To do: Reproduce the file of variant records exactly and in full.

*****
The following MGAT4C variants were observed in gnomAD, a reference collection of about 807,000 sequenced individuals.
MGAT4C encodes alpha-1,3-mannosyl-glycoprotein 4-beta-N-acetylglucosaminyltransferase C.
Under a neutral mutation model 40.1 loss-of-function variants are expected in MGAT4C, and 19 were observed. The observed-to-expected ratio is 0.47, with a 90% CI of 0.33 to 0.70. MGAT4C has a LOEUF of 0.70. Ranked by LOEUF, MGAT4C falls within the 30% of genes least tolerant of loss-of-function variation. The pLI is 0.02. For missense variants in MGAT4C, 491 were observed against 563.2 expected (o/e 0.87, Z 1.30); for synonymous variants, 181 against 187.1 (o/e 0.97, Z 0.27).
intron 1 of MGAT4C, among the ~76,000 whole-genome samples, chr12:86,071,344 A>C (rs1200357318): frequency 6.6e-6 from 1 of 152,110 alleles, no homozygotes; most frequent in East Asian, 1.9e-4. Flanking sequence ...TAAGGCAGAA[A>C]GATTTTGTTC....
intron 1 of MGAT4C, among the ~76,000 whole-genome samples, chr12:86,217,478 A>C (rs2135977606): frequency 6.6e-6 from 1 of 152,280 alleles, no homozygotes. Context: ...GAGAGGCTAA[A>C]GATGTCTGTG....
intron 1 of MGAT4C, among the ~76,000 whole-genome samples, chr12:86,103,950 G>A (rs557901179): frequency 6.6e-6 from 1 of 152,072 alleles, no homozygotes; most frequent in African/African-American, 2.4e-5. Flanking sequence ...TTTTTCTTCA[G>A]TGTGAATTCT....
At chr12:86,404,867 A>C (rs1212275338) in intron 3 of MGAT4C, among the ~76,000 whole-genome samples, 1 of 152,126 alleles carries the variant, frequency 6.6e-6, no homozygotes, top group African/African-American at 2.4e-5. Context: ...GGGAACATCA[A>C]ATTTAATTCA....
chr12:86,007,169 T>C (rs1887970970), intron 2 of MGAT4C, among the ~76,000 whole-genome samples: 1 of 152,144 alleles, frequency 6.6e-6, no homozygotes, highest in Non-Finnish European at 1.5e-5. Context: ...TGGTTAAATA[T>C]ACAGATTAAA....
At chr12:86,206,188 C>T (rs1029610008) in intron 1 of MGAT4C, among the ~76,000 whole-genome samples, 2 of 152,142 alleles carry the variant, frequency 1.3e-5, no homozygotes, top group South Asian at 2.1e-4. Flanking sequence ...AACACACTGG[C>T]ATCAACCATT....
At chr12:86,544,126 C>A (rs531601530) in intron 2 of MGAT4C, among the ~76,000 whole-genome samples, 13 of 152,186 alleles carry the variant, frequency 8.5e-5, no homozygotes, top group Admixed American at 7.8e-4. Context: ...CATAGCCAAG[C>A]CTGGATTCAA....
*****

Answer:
The following MGAT4C variants were observed in gnomAD, a reference collection of about 807,000 sequenced individuals.
MGAT4C encodes alpha-1,3-mannosyl-glycoprotein 4-beta-N-acetylglucosaminyltransferase C.
Under a neutral mutation model 40.1 loss-of-function variants are expected in MGAT4C, and 19 were observed. The observed-to-expected ratio is 0.47, with a 90% CI of 0.33 to 0.70. MGAT4C has a LOEUF of 0.70. Ranked by LOEUF, MGAT4C falls within the 30% of genes least tolerant of loss-of-function variation. The pLI is 0.02. For missense variants in MGAT4C, 491 were observed against 563.2 expected (o/e 0.87, Z 1.30); for synonymous variants, 181 against 187.1 (o/e 0.97, Z 0.27).
intron 1 of MGAT4C, among the ~76,000 whole-genome samples, chr12:86,071,344 A>C (rs1200357318): frequency 6.6e-6 from 1 of 152,110 alleles, no homozygotes; most frequent in East Asian, 1.9e-4. Flanking sequence ...TAAGGCAGAA[A>C]GATTTTGTTC....
intron 1 of MGAT4C, among the ~76,000 whole-genome samples, chr12:86,217,478 A>C (rs2135977606): frequency 6.6e-6 from 1 of 152,280 alleles, no homozygotes. Context: ...GAGAGGCTAA[A>C]GATGTCTGTG....
intron 1 of MGAT4C, among the ~76,000 whole-genome samples, chr12:86,103,950 G>A (rs557901179): frequency 6.6e-6 from 1 of 152,072 alleles, no homozygotes; most frequent in African/African-American, 2.4e-5. Flanking sequence ...TTTTTCTTCA[G>A]TGTGAATTCT....
At chr12:86,404,867 A>C (rs1212275338) in intron 3 of MGAT4C, among the ~76,000 whole-genome samples, 1 of 152,126 alleles carries the variant, frequency 6.6e-6, no homozygotes, top group African/African-American at 2.4e-5. Context: ...GGGAACATCA[A>C]ATTTAATTCA....
chr12:86,007,169 T>C (rs1887970970), intron 2 of MGAT4C, among the ~76,000 whole-genome samples: 1 of 152,144 alleles, frequency 6.6e-6, no homozygotes, highest in Non-Finnish European at 1.5e-5. Context: ...TGGTTAAATA[T>C]ACAGATTAAA....
At chr12:86,206,188 C>T (rs1029610008) in intron 1 of MGAT4C, among the ~76,000 whole-genome samples, 2 of 152,142 alleles carry the variant, frequency 1.3e-5, no homozygotes, top group South Asian at 2.1e-4. Flanking sequence ...AACACACTGG[C>T]ATCAACCATT....
At chr12:86,544,126 C>A (rs531601530) in intron 2 of MGAT4C, among the ~76,000 whole-genome samples, 13 of 152,186 alleles carry the variant, frequency 8.5e-5, no homozygotes, top group Admixed American at 7.8e-4. Context: ...CATAGCCAAG[C>A]CTGGATTCAA....